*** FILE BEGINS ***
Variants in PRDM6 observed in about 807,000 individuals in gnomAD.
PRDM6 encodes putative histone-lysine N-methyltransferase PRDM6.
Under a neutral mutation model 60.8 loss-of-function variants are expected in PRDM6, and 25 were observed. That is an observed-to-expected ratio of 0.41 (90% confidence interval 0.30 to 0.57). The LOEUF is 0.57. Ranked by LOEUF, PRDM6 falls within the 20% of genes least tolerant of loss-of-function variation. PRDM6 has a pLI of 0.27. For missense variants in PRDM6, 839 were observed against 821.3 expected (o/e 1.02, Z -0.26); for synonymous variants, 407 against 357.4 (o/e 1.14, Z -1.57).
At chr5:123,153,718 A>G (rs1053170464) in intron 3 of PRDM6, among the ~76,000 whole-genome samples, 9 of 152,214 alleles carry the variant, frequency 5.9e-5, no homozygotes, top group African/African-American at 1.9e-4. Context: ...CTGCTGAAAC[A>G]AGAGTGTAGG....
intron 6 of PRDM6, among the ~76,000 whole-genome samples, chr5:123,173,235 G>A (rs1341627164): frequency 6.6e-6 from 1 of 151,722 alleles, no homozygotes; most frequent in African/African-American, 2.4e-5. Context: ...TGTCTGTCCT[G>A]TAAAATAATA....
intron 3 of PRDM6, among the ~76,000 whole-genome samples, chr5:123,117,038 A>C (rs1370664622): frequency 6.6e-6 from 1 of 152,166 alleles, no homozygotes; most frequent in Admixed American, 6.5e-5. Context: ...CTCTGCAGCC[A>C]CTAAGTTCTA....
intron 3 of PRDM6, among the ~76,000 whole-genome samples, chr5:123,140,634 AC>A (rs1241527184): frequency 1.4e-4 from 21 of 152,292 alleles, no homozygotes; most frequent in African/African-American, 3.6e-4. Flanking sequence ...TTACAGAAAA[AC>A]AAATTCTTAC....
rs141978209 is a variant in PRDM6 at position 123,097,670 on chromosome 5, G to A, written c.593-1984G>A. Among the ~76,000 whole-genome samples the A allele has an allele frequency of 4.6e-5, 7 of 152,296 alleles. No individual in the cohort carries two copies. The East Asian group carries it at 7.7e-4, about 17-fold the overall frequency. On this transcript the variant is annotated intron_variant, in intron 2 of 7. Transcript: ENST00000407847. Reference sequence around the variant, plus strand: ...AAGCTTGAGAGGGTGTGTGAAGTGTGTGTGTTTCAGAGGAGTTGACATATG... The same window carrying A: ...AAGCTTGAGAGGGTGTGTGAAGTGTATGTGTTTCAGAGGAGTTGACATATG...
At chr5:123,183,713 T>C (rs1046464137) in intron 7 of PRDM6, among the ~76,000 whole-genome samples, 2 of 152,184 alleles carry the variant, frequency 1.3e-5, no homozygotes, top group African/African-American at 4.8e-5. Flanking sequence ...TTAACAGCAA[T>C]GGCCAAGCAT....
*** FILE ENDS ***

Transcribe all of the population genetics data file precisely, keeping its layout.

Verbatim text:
Variants in PRDM6 observed in about 807,000 individuals in gnomAD.
PRDM6 encodes putative histone-lysine N-methyltransferase PRDM6.
Under a neutral mutation model 60.8 loss-of-function variants are expected in PRDM6, and 25 were observed. That is an observed-to-expected ratio of 0.41 (90% confidence interval 0.30 to 0.57). The LOEUF is 0.57. Ranked by LOEUF, PRDM6 falls within the 20% of genes least tolerant of loss-of-function variation. PRDM6 has a pLI of 0.27. For missense variants in PRDM6, 839 were observed against 821.3 expected (o/e 1.02, Z -0.26); for synonymous variants, 407 against 357.4 (o/e 1.14, Z -1.57).
At chr5:123,153,718 A>G (rs1053170464) in intron 3 of PRDM6, among the ~76,000 whole-genome samples, 9 of 152,214 alleles carry the variant, frequency 5.9e-5, no homozygotes, top group African/African-American at 1.9e-4. Context: ...CTGCTGAAAC[A>G]AGAGTGTAGG....
intron 6 of PRDM6, among the ~76,000 whole-genome samples, chr5:123,173,235 G>A (rs1341627164): frequency 6.6e-6 from 1 of 151,722 alleles, no homozygotes; most frequent in African/African-American, 2.4e-5. Context: ...TGTCTGTCCT[G>A]TAAAATAATA....
intron 3 of PRDM6, among the ~76,000 whole-genome samples, chr5:123,117,038 A>C (rs1370664622): frequency 6.6e-6 from 1 of 152,166 alleles, no homozygotes; most frequent in Admixed American, 6.5e-5. Context: ...CTCTGCAGCC[A>C]CTAAGTTCTA....
intron 3 of PRDM6, among the ~76,000 whole-genome samples, chr5:123,140,634 AC>A (rs1241527184): frequency 1.4e-4 from 21 of 152,292 alleles, no homozygotes; most frequent in African/African-American, 3.6e-4. Flanking sequence ...TTACAGAAAA[AC>A]AAATTCTTAC....
rs141978209 is a variant in PRDM6 at position 123,097,670 on chromosome 5, G to A, written c.593-1984G>A. Among the ~76,000 whole-genome samples the A allele has an allele frequency of 4.6e-5, 7 of 152,296 alleles. No individual in the cohort carries two copies. The East Asian group carries it at 7.7e-4, about 17-fold the overall frequency. On this transcript the variant is annotated intron_variant, in intron 2 of 7. Transcript: ENST00000407847. Reference sequence around the variant, plus strand: ...AAGCTTGAGAGGGTGTGTGAAGTGTGTGTGTTTCAGAGGAGTTGACATATG... The same window carrying A: ...AAGCTTGAGAGGGTGTGTGAAGTGTATGTGTTTCAGAGGAGTTGACATATG...
At chr5:123,183,713 T>C (rs1046464137) in intron 7 of PRDM6, among the ~76,000 whole-genome samples, 2 of 152,184 alleles carry the variant, frequency 1.3e-5, no homozygotes, top group African/African-American at 4.8e-5. Flanking sequence ...TTAACAGCAA[T>C]GGCCAAGCAT....